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Global Climate Change Affects the Distribution Pattern and Population Dynamic History of a Desert Pioneer Plant
       Updatetime: 2016-05-30 Printer      Text Size:A A A 

The desertification of the Asian interior was one of the most striking results of climate change in the Northern Hemisphere during the Cenozoic era. In recent decades, more and more stratigraphic investigations have proved that the desertification and its reverse of Asian interior was associated with the phase changes of glacial and interglacial climate. However, little evidence was found so far from the large scale investigation of vegetation.   

Recently, from the molecular phylogeographic perspective, a team headed by Prof. MA Xiaofei from Key Laboratory of Stress Physiology and Ecology in Cold and Arid Regions, Chinese Academy of Sciences, clarified how the global climate change affected the population colonization, genetic differentiation, population dynamics and distribution range shift of Agriophyllum squarrosum, a pioneer annual plant endemic to mobile sand dunes of the Asian temperature deserts.  

With a comprehensive survey in the species-wide distribution of A. squarrosum, a total of 188 individuals from 46 natural populations were sampled across all the deserts and sandy lands in the Asian interior, including the Taklamakan Desert, Gurbantunggut Desert, Kumutage Desert, Tengger Desert, Badain Jaran Desert, Qaidam Basin, Yarlun-tzanpo River Valley, Ulan Buh Desert, Kubuqi Desert, Mu Us Sandy Land, Horqin Sandy Land and Hunshandake Sandy Land.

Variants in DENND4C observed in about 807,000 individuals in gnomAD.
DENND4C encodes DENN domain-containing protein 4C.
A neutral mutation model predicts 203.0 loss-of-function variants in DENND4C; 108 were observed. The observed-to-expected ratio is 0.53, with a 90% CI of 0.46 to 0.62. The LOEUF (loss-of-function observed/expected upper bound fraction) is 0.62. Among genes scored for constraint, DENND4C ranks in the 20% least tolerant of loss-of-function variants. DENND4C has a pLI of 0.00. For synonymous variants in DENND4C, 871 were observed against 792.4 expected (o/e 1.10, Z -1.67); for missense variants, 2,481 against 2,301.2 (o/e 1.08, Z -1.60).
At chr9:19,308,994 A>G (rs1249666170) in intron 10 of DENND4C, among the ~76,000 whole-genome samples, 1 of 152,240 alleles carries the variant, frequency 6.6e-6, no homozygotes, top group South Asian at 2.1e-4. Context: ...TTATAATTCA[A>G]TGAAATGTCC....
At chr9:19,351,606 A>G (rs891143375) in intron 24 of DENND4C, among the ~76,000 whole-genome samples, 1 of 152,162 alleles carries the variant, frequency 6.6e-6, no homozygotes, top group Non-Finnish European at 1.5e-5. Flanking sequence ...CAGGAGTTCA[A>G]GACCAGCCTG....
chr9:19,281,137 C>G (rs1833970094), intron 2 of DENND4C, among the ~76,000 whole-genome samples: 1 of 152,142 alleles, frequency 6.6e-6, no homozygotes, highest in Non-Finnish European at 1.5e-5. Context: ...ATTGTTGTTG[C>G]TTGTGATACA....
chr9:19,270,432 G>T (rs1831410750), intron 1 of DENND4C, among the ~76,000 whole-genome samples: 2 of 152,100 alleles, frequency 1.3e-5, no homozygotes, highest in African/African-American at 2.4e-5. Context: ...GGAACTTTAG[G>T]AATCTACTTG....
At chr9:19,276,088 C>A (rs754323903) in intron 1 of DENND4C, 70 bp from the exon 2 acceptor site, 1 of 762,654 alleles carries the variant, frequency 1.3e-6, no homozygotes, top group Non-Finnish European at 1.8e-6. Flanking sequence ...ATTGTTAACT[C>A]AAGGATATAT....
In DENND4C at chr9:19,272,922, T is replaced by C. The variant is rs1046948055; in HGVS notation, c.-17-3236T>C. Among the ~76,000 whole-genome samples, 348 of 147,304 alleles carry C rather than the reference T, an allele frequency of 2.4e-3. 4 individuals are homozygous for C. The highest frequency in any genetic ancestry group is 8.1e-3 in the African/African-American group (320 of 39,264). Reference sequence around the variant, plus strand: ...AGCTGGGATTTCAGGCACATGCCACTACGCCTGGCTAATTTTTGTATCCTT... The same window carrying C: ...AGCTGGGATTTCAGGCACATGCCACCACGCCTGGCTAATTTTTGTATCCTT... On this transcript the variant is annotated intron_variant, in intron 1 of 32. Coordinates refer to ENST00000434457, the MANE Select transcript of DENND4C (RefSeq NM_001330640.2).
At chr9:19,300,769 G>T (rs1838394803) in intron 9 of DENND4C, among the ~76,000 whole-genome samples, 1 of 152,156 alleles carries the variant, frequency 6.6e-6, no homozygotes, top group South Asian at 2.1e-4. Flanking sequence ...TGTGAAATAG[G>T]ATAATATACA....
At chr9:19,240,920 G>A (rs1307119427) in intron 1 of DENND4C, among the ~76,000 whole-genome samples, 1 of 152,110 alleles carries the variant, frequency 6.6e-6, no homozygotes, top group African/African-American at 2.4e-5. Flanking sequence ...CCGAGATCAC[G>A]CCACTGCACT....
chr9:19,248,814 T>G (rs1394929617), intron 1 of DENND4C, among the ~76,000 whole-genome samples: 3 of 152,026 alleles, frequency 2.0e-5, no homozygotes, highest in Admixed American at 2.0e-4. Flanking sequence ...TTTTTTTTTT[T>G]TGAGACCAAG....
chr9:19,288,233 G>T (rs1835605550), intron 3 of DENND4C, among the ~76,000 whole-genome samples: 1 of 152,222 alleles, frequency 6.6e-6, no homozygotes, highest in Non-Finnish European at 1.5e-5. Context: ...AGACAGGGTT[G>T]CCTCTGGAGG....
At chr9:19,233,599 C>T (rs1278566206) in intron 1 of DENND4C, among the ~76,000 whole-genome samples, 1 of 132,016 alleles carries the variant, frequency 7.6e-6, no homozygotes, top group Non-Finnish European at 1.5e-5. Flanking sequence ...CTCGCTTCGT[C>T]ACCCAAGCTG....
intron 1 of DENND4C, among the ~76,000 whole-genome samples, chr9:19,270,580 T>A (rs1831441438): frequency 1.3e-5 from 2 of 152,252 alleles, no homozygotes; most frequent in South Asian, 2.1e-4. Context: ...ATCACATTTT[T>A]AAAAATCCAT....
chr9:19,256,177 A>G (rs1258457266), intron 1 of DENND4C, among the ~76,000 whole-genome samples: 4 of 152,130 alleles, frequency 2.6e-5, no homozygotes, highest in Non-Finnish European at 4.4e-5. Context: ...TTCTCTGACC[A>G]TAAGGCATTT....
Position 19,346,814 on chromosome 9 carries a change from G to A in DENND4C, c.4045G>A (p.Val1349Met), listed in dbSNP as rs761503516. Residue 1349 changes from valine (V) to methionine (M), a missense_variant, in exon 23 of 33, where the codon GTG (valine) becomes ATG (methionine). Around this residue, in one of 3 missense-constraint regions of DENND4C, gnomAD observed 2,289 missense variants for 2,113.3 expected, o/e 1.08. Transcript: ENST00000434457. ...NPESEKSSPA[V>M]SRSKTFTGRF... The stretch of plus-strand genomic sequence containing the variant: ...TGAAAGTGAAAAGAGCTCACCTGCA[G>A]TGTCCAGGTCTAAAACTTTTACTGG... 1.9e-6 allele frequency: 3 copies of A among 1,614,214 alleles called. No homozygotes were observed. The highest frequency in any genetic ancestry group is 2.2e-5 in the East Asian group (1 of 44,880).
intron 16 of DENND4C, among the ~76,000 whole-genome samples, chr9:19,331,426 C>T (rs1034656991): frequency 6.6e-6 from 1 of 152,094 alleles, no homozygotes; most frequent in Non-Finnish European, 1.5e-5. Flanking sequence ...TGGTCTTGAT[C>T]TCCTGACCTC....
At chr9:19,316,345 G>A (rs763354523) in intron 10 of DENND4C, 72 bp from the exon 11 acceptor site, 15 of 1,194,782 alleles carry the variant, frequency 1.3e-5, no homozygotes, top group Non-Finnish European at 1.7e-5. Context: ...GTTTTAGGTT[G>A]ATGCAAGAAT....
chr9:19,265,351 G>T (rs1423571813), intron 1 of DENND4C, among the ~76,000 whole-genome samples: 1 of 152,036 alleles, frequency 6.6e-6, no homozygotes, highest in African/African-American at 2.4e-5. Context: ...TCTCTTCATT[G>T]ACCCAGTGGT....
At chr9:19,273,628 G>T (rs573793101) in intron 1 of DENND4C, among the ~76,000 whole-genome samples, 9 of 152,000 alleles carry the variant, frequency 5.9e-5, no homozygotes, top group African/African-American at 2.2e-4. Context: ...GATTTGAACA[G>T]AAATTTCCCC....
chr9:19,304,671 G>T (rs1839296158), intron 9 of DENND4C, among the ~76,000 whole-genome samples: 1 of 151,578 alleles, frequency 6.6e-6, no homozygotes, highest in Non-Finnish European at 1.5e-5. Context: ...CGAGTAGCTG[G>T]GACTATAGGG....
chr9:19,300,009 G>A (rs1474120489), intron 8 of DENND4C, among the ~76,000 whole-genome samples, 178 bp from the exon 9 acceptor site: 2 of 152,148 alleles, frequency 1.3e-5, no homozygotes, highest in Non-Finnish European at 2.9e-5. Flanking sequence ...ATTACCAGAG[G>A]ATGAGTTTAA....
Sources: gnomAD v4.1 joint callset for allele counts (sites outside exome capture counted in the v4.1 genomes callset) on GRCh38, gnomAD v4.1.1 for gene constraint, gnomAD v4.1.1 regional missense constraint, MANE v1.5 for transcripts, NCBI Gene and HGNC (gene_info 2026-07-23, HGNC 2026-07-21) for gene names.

Based on the genetic diversity of five maternally inherited chloroplast DNA (cpDNA) fragments and a bi-parentally inherited nuclear ribosomal internal transcribed spacer (nrITS) region, the molecular phylogeographic was reconstructed (Fig. 1), the population dynamic history (Fig. 2) and the distribution range shift in the past and future (Fig. 3) were simulated in this plant species. 

The result of molecular clock showed that A. squarrosum could be originated from Gurbantunggut Desert since ~1.6 Ma, and subsequently have undergone three waves of colonization into other deserts and sandy lands corresponding to several glaciations. Compared to other populations, the rapid population expansion and distribution range shifts of A. squarrosum populations from monsoonal climate zones suggested that the development of the monsoonal climate significantly enhanced the population growth of A. squarrosum.  

Furthermore, these data also suggested that desertification of the fragile grassland ecosystems in the Qinghai-Tibetan Plateau (QTP) was as earlier as 1.1 Ma, which was more ancient than eolian records. Under a warmer scenario in the near future, the habitat of A. squarrosum will expand into higher latitude and higher altitude regions of Asia and the QTP may also be at great risk of desertification. 

From a molecular phylogeographic perspective, this endeavor will shed light on the current understanding of how desert ecosystems respond to changes in monsoonal climates, thus facilitating the evaluation of the ecological potential and germplasm resources of breeding candidate crops to manage the food supply in harsh environments. 

This research is published on Scientific Reports (http://www.nature.com/articles/srep26613). 


Prof. MA Xiaofei 

E-mail: maxiaofei@lzb.ac.cn 

Key Laboratory of Stress Physiology and Ecology in Cold and Arid Regions, Gansu Province, Department of Ecology and Agriculture Research, Cold and Arid Regions Environmental and Engineering Research Institute, Chinese Academy of Sciences 

Fig. 1 The distribution of haplotypes in the geological locations and Median-joining networks of the haplotypes in the 46 A. squarrosum populations examined in this study: (a) nrITS ribotype distribution and genealogy topology; (b) cpDNA chlorotype distribution and genealogy topology. (Image by Prof. MA) 

 Fig. 2 The dynamic changes of effective population size based on nrlTS(a) and cpDNA(b) (Image by Prof. MA) 

 Fig. 3 Predicted distributions of A. squarrosum in the present, past and future (Image by Prof. MA) 

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